Targeted diabetes screening based on new USPSTF criteria may detect approximately half of adult community health center patients with undiagnosed dysglycemia and proportionately fewer racial/ethnic minorities than whites. Future research is needed to estimate the performance of these screening criteria in population-based samples.
Why Was This Study Done?
- In October 2015, the United States Preventive Services Task Force (USPSTF) issued a new diabetes screening recommendation for adults who are aged 40–70 y and overweight or obese.
- These screening criteria may miss high-risk groups who develop prediabetes and diabetes (together called dysglycemia) at younger ages or at a normal weight.
What Did the Researchers Do and Find?
- We conducted a study of electronic health record data from adult primary care patients at US community health centers between 2008 through 2013.
- The goal of the study was to determine patient characteristics associated with being eligible for diabetes screening, receiving a screening test, and developing dysglycemia over a 3-y period.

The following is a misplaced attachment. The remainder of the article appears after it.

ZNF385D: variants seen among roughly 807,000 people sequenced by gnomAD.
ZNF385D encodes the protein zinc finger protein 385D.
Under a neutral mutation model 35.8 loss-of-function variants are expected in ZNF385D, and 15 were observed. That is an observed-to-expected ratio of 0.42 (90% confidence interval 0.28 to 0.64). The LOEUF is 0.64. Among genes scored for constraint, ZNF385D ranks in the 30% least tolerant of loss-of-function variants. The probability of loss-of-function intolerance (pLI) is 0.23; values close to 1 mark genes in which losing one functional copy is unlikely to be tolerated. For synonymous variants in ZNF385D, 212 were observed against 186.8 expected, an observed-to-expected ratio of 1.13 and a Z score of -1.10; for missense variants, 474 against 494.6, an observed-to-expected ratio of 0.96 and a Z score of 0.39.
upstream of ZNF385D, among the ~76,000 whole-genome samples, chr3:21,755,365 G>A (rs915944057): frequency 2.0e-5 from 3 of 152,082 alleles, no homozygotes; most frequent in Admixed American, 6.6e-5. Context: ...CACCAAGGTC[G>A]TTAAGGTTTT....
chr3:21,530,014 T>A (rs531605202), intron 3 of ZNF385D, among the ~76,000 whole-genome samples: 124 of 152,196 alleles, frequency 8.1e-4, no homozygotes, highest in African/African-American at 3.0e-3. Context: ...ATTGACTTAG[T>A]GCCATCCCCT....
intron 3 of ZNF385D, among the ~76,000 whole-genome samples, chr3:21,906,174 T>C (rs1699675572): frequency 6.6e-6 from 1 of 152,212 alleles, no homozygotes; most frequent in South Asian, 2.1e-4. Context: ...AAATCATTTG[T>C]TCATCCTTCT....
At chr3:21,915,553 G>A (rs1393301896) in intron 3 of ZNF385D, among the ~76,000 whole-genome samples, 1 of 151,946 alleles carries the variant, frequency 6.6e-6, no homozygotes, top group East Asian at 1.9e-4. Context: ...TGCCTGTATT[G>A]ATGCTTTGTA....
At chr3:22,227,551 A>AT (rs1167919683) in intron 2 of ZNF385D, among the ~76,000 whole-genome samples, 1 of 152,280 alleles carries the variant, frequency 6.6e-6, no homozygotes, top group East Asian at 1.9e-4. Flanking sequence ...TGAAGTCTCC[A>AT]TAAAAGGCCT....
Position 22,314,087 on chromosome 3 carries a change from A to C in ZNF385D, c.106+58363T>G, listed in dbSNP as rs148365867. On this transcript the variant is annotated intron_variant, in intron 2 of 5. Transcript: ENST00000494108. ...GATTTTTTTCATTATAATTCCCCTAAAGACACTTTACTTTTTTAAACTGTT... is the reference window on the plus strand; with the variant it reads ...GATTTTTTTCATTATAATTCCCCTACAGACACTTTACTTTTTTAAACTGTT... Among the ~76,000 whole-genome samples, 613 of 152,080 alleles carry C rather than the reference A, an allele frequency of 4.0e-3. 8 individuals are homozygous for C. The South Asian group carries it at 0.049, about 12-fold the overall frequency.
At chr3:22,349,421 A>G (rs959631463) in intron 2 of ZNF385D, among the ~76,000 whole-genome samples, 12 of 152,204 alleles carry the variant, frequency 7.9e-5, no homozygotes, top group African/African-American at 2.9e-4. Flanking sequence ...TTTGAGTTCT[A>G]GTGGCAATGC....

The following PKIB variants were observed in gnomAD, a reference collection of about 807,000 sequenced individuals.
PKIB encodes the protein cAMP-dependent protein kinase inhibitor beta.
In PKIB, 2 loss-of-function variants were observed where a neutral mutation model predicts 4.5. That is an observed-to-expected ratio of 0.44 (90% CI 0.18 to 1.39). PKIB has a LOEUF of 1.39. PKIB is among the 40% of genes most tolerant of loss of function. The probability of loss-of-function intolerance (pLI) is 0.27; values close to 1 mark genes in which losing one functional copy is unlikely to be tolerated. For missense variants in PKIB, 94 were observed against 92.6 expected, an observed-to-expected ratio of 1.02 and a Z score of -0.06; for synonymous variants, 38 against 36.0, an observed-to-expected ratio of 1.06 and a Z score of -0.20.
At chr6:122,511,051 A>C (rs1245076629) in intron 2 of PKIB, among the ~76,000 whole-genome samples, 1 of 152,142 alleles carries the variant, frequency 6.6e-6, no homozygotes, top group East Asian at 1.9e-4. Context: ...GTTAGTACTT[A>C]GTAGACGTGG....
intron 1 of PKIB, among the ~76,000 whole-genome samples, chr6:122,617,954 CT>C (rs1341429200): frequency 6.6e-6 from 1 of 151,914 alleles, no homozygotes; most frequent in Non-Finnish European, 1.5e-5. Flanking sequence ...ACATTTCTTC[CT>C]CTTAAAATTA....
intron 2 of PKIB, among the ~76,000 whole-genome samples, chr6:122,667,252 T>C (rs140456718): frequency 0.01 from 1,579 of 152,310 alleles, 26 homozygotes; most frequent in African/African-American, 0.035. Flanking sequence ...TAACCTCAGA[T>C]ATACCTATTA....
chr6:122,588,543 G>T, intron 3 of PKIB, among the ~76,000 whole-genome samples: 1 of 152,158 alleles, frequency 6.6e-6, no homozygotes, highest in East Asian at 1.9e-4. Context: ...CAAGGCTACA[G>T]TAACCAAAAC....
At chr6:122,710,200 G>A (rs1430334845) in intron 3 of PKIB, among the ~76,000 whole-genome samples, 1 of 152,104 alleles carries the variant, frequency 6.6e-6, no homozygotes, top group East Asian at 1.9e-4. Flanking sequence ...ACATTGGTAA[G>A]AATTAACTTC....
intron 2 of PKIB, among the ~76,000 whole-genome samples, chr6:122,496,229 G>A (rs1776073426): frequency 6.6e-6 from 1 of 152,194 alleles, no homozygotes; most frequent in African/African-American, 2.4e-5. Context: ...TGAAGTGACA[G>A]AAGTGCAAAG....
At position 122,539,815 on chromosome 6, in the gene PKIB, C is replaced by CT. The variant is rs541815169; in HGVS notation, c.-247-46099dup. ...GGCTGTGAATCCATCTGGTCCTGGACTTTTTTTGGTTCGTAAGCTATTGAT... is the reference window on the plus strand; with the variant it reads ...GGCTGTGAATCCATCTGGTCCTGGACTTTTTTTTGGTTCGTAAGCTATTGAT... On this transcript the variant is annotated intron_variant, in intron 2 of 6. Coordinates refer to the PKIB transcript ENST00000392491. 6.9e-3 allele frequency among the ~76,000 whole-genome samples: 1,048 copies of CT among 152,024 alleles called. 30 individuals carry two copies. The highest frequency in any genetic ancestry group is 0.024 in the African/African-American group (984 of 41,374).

- The USPSTF screening criteria identified approximately half of patients who developed dysglycemia and proportionately fewer cases of dysglycemia among racial/ethnic minorities than whites.
What Do These Findings Mean?
- Primary care providers may miss a substantial proportion of patients with dysglycemia by following the current USPSTF screening recommendation.
- Providers may consider screening patients from racial/ethnic minority groups before the age and weight ranges recommended by the USPSTF.
- However, patients may incur out-of-pocket costs when their doctors obtain a diabetes screening test that does not follow the USPSTF recommendation.